Yeah. So, a lot of times, the best thing to do is look at the problem from a different angle. So, one of my favorite lenses is the re-sequence lens. And the re-sequence lens basically says that if your problem or even your solution assume some level of timing, how do we shift the timing on it? So, how do we predict or how do we postpone? How do we do something earlier? How do we do something later? So, for example, paint. If you go into a hardware store, it used to be that if you wanted green paint, you would walk down the aisle and you would grab a gallon of green paint. Now, if you want green paint, they ask you, “Well, what color of green? What tone of green?”

Pete Mockaitis
Oh, yeah, there are hundreds of greens.

Stephen Shapiro
Yeah. And then they mix it for you there. So, they postponed the mixing of the paint. They actually create the color of the paint after you know what color somebody wants. And that’s just a great way of getting lower levels of inventory, for example, greater customization for people’s needs. So, it’s like if you go into McDonald’s, if they make it to your order, well, that would be postponing it. They would wait until somebody comes in, but during the busiest times, they might have to predict, they actually might have to make 20 Big Macs so that if somebody walks into the store, they’ve got a Big Mac ready and they know that 15 people in the next hour are going to order Big Macs so we’ll have it ready for them, and it gives us a lot greater efficiency.

Pete Mockaitis
All right. And let’s hear about the emotion lens.

Stephen Shapiro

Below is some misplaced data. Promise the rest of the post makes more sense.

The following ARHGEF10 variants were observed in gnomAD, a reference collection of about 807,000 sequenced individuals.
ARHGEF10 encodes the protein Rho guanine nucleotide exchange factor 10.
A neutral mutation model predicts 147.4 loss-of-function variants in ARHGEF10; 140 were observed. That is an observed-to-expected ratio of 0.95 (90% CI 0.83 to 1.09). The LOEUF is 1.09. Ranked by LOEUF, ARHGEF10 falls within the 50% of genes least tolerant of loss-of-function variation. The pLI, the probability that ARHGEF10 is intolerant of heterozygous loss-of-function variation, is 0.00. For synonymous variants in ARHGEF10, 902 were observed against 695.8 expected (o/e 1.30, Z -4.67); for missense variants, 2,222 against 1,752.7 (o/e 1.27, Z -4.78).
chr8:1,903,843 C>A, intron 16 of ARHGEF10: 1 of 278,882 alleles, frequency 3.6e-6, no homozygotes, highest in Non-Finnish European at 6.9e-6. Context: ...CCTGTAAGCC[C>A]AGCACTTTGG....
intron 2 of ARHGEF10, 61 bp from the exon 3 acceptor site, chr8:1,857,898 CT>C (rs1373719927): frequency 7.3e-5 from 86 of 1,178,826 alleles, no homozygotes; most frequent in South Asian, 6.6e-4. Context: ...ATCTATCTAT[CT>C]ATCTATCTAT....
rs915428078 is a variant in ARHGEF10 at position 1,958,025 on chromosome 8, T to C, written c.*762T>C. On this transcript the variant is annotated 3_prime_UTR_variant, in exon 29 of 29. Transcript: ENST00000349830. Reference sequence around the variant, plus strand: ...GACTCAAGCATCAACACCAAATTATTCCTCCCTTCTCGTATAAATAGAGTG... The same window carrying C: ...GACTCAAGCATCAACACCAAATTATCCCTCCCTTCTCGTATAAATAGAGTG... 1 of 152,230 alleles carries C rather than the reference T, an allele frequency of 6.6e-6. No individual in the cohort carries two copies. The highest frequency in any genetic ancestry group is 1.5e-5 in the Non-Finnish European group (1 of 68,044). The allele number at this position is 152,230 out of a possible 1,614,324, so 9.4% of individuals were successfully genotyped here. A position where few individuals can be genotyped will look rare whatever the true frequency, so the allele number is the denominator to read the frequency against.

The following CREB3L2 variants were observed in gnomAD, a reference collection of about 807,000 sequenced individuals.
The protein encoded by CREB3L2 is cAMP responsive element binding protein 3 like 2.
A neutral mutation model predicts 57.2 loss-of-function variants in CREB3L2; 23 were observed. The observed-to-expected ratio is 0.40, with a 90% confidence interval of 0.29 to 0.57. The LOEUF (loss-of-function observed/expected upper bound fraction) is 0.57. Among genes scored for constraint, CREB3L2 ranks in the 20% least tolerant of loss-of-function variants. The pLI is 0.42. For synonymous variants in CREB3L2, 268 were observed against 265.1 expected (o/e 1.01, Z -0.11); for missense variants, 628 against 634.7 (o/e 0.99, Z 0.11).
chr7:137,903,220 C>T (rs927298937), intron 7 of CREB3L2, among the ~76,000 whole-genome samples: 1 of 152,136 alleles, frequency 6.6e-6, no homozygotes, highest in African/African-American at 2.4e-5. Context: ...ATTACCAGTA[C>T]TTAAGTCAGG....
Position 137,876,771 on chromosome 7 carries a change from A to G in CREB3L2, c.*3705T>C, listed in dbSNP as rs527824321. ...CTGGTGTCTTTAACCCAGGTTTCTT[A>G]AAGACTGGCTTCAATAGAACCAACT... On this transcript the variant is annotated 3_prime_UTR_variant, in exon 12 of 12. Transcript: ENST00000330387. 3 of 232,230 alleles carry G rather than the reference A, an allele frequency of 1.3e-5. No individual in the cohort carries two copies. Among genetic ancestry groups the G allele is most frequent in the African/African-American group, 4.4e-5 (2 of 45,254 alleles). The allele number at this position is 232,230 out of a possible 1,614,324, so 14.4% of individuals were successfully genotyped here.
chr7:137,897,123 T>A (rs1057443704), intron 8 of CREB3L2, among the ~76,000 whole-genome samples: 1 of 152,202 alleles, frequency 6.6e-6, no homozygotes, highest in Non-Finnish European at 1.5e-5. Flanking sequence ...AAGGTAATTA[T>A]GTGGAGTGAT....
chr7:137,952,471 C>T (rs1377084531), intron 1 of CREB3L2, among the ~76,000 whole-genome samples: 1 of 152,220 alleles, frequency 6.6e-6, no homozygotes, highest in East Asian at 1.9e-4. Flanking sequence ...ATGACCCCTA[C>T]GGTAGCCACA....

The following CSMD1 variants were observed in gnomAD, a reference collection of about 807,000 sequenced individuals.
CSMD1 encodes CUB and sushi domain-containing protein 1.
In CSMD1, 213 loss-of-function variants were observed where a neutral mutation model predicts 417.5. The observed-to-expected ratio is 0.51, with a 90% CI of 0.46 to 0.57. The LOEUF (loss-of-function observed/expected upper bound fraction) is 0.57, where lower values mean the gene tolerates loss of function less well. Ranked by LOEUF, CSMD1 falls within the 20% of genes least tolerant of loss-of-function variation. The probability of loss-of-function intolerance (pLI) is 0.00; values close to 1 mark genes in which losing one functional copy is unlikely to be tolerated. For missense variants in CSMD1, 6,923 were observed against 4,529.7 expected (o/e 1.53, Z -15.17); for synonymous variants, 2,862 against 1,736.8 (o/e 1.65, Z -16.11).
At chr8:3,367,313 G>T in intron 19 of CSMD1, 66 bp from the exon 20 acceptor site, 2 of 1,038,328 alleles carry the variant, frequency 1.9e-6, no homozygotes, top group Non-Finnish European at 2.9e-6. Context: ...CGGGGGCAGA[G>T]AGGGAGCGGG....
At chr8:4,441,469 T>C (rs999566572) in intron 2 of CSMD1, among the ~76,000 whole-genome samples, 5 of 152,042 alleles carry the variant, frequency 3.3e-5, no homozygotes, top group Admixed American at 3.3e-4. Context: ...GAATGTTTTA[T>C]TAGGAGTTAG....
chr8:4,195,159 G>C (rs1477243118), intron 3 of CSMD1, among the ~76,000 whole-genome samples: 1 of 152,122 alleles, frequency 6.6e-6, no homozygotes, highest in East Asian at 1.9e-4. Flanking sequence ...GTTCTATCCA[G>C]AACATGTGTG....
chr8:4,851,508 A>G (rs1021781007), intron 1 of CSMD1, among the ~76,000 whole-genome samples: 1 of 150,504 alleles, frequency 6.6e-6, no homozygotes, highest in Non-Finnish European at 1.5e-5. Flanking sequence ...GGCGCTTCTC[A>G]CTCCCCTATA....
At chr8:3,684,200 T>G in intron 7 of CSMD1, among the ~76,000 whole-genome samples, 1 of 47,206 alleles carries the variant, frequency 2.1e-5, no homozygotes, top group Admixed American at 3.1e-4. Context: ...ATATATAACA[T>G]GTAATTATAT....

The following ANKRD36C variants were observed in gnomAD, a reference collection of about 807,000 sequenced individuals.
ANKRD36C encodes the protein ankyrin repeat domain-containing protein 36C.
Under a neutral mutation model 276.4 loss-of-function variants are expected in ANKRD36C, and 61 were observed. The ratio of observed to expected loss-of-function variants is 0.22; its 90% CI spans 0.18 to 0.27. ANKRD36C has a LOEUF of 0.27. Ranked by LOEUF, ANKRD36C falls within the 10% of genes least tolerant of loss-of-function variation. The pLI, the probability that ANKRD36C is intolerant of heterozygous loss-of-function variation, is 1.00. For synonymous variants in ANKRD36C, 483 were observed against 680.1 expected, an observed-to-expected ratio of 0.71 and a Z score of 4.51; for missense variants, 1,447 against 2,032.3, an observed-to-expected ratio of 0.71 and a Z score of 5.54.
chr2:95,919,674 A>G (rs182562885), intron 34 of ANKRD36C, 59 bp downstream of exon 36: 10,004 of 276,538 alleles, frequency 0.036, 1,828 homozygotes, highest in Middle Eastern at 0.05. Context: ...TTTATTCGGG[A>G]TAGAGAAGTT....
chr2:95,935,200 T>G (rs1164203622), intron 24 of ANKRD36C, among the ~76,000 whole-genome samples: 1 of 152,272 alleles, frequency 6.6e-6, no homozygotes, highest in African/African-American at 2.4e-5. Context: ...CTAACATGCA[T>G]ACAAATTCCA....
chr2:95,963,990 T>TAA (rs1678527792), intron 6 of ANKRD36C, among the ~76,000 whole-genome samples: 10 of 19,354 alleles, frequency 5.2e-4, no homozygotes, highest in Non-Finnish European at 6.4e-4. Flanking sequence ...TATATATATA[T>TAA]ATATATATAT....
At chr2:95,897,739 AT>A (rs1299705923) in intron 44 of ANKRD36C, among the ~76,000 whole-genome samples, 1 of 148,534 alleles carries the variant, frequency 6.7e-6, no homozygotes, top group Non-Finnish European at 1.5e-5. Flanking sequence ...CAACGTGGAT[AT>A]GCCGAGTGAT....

The emotion lens says that we tend to ask questions that are very analytical, but what if we add some emotion to it? In many cases, positive emotion is really one of the goals. So, for example, instead of saying, “How do we engage our customers? Or how do we get our customers to like us?” “How do we get our customers to feel like they’re at home when they’re in our stores?” They actually have some emotion to it. Or maybe we can ask the question, “How do we create a wow experience for our customers?” Or if it’s our employees, instead of saying, “How do we increase employee satisfaction?” maybe it’s, “How do we get a five out of five on our customer surveys?” And so, it’s more of a positive spin and a more emotional spin rather than just numbers and facts. But you can also go on the negative side too which is pretty fascinating.

Pete Mockaitis
I liked the way you articulated that in terms of because, frequently, the difference between something that I really kind of get and resonate with versus just sort of like, “Hmm, okay,” it is the emotion element. So, if we’re talking about, I don’t know, employee engagement, okay, so there’s a term and a tool and a metric and best practices and all that associated with it. So, if you ask a question, “How can we improve employee engagement?” you’re going to get a very different set of responses than if you asked the question, “How can we make a work experience so awesome folks never want to leave?”

Stephen Shapiro
Exactly.

Pete Mockaitis
And they’re like, “Ooh, well, I’ll tell you,” and so things can really fly in terms of, “Well, I never wanted to leave this workplace because this manager really cared about my development and invested in all these things. I never wanted to leave this workplace because they had kegs of…” I don’t know, whatever, “…delicious beverage.” So, yeah, I really dig that. I think, there’s probably good science on the brain, neuroscience here, in terms of you are tapping into different part of the brain straight up when you are posing the questions in that way.

Stephen Shapiro
And what’s interesting is the way you originally framed it as, “How do we improve?” Anytime you say improve, you imply there’s something wrong. And so, the brain now starts processing the information differently, “Okay. Well, I’m trying to fix a problem rather than elevate and lift something up.” Even those very, very subtle words can have a huge impact.

Pete Mockaitis